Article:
David Schenker is the Taube Senior Fellow at The Washington Institute and former Assistant Secretary of State for Near Eastern Affairs.
Articles & Testimony
Embarrassing counterterrorism lapses and corruption revelations over the past year demonstrate that the kingdom's security cannot be taken for granted.
The pro-Western Hashemite Kingdom of Jordan serves as the principal base of operations for the U.S.-led military campaign to roll back the Islamic State in Syria. Increasingly, however, Jordan is itself being targeted by the organization. In recent months, the Kingdom has suffered a sharp uptick in IS terrorist activity. Worryingly, in the face of this challenge, Jordanian intelligence and security forces -- long considered the gold standard of the Arab world -- have underperformed, raising questions of competence.
Twice in June, for example, Jordanian security installations were compromised, with deadly consequences. On June 6, a lone attacker entered a Jordanian Intelligence Directorate (GID) facility 20 minutes north of Amman, shooting and killing five officers before escaping. Two weeks later, IS detonated a car bomb at a Jordanian military base on the Syrian border, killing six soldiers. On both occasions, Jordanian officers were reportedly asleep on guard duty.
Just a few months earlier, in March, Jordan's gendarmes and an elite commando unit from the Kingdom's vaunted 71st Counterterrorism Battalion raided an IS cell in the northern town of Irbid. While the soldiers succeeded in killing eight IS terrorists, the military operation took more than 12 hours, and was said to have been severely hampered by breakdowns in communication between the security services. One foreign observer in the Kingdom described the assault as "a shit show."
Adding insult to injury, in April, 87,000 5.56 NATO-standard bullets belonging to the British Army disappeared from a depot during joint desert exercises with the Americans. British forces had been stationed at a Jordanian military base near the port of Aqaba when the ammunition was hauled off by truck. To date, the disposition of the stolen bullets remains unknown, but the concern is that the slugs will ultimately reach IS weapons.
Perhaps more disturbing than these security lapses, however, has been the slow trickle of information confirming what appears to be endemic corruption among the ranks of the Jordanian mukhabarat, the Kingdom's widely respected intelligence services. Problems in this important foreign and domestic security apparatus have been well publicized: Two former chiefs of the organization were convicted and one is currently serving a lengthy jail sentence for corruption.
In June, a New York Times report confirmed longstanding rumors that the GID hocked thousands of AK-47 assault rifles worth millions of dollars, provided by the CIA to arm moderate Syrian rebels. Funds generated from the sales were reportedly used to purchase "expensive SUVs, IPhones, and other luxury items." While some arrests were made, it remains unclear how far up in the organization the corruption extends.
The syphoning of the weapons came to light after a self-radicalized Jordanian policeman used one of these AK-47s, purchased on the black market, to kill two Americans and two South African instructors, as well as two of his fellow countrymen, at a police training facility in the Kingdom this past November.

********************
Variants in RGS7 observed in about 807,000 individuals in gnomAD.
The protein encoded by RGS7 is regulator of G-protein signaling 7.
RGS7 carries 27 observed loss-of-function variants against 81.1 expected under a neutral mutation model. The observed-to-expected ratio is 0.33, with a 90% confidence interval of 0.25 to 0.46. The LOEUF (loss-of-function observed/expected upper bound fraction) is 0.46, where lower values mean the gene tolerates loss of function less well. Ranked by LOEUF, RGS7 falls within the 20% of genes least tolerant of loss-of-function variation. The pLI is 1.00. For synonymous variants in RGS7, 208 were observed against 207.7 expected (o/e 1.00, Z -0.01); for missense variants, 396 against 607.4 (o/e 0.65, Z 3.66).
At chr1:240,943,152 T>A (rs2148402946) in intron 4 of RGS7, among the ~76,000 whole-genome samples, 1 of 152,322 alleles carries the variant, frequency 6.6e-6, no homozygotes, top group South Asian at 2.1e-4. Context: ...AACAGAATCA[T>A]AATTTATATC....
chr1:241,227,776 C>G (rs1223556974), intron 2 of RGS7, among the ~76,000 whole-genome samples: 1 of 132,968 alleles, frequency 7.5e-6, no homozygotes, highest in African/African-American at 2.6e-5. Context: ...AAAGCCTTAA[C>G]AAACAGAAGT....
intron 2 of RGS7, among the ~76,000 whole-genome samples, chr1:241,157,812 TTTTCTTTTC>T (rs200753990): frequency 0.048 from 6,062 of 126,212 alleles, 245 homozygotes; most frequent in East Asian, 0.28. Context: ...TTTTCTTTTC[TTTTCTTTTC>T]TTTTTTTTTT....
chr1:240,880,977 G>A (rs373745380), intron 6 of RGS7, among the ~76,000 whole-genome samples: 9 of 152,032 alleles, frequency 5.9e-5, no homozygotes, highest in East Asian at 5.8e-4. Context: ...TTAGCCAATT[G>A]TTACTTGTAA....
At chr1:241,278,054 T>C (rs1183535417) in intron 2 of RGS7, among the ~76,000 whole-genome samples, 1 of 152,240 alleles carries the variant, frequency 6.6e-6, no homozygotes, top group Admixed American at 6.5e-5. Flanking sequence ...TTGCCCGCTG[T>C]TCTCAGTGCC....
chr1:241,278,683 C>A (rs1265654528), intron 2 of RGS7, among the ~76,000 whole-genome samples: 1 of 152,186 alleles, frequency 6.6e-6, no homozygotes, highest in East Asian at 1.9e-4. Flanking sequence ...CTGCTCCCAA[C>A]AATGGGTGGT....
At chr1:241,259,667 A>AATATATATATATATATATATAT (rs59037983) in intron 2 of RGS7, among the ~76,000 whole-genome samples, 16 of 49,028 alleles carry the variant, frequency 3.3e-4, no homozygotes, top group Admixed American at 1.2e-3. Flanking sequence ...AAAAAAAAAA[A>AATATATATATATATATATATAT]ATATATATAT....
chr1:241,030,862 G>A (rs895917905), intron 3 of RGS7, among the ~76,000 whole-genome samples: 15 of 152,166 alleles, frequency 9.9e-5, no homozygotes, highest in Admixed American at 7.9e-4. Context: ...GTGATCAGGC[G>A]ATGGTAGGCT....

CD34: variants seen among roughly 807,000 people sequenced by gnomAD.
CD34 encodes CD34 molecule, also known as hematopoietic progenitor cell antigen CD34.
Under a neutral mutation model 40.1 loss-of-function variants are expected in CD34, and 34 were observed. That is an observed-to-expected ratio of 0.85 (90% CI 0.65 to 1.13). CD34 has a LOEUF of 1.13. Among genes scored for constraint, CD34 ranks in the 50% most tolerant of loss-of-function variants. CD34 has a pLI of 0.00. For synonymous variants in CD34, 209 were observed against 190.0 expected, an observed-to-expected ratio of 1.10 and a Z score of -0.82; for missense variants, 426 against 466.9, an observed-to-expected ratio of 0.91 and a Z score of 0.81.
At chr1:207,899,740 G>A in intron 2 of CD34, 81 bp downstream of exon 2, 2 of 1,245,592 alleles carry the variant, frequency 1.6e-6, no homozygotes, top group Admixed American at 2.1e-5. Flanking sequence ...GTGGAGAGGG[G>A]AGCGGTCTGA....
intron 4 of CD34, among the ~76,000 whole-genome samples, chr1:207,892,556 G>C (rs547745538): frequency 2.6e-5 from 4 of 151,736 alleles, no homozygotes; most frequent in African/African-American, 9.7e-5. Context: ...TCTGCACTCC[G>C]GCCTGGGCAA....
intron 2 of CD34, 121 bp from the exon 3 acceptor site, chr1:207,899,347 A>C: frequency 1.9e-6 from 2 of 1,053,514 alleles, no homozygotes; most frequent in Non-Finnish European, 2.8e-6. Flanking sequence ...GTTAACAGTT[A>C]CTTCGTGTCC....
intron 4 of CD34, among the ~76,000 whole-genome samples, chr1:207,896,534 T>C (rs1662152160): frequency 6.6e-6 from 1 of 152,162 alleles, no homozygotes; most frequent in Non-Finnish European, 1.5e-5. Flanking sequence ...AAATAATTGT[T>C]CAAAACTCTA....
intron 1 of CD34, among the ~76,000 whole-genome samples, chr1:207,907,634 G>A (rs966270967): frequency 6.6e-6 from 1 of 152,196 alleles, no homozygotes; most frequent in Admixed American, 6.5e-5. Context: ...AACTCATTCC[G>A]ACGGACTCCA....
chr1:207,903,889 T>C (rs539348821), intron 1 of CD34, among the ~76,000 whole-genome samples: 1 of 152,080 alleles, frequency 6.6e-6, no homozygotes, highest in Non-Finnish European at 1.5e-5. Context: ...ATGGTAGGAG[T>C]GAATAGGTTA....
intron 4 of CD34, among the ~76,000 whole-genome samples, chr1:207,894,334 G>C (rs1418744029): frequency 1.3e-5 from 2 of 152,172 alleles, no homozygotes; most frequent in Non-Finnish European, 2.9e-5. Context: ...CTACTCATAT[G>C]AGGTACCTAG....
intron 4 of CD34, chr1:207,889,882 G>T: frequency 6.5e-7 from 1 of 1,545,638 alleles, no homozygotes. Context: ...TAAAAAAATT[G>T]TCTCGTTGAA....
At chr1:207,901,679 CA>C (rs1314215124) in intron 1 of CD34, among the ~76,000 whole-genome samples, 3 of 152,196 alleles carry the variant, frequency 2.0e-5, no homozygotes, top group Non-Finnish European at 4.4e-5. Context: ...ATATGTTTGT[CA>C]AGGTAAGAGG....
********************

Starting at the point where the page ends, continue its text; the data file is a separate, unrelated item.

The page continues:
While alarming, these incidents do not suggest a fundamental problem between Washington and its best Arab ally. Indeed, Amman remains a critical partner in the war against IS, providing basing and logistical support for U.S. and coalition forces, and actively participating in air operations over Syria. Jordan also remains committed to its 1994 peace treaty with Israel, and is a critical advocate for political and religious moderation in the region. Recognizing the import of the Kingdom to U.S. interests in the Middle East, this year Washington will provide more than $1.6 billion to Jordan, including nearly $800 million in military and counterterrorism assistance, equivalent to roughly 10 percent of Jordan's annual budget.
Notwithstanding this substantial U.S. aid, Jordan faces enormous challenges. In addition to the security threat, the Kingdom currently hosts over a million Syrian refugees, and has an unemployment rate of 15 percent, with youth joblessness approaching 40 percent. And to date, some 2,500 Jordanian nationals have joined the jihad in Syria, including three sons of sitting members of Parliament. It's difficult to imagine that these bleak economic prospects -- and the continued slaughter of Sunni Muslims in Syria -- won't contribute to radicalization among Jordan's traditionally moderate population.
Amid this adversity, Jordan has until now proven remarkably resilient. Security is good, and the GID, military, and border security services continue to demonstrate commitment, frequently absorbing casualties while engaging IS. Even so, recent developments suggest the Kingdom is ill prepared to deal with a complex mass terrorist attack a la Paris or Mumbai.
It has long been axiomatic that Jordan's security apparatus is the best in the Arab world. While this dictum likely remains true, events of the past year demonstrate that security in Jordan cannot be taken for granted. Based on the current trajectory, it is all but certain that Jordan will be contending with intensified IS terrorist activity in the coming months and perhaps years.
In an increasingly chaotic region, U.S. interests depend greatly on the stability and prosperity of the Hashemite Kingdom. Washington must continue to work closely with Amman to improve the capabilities of the Kingdom's security apparatus. At the end of the day, however, unlike Iraq, the security of the realm will depend solely on whether Jordan's security services are up to the task.
David Schenker is the Aufzien Fellow and director of the Program on Arab Politics at The Washington Institute.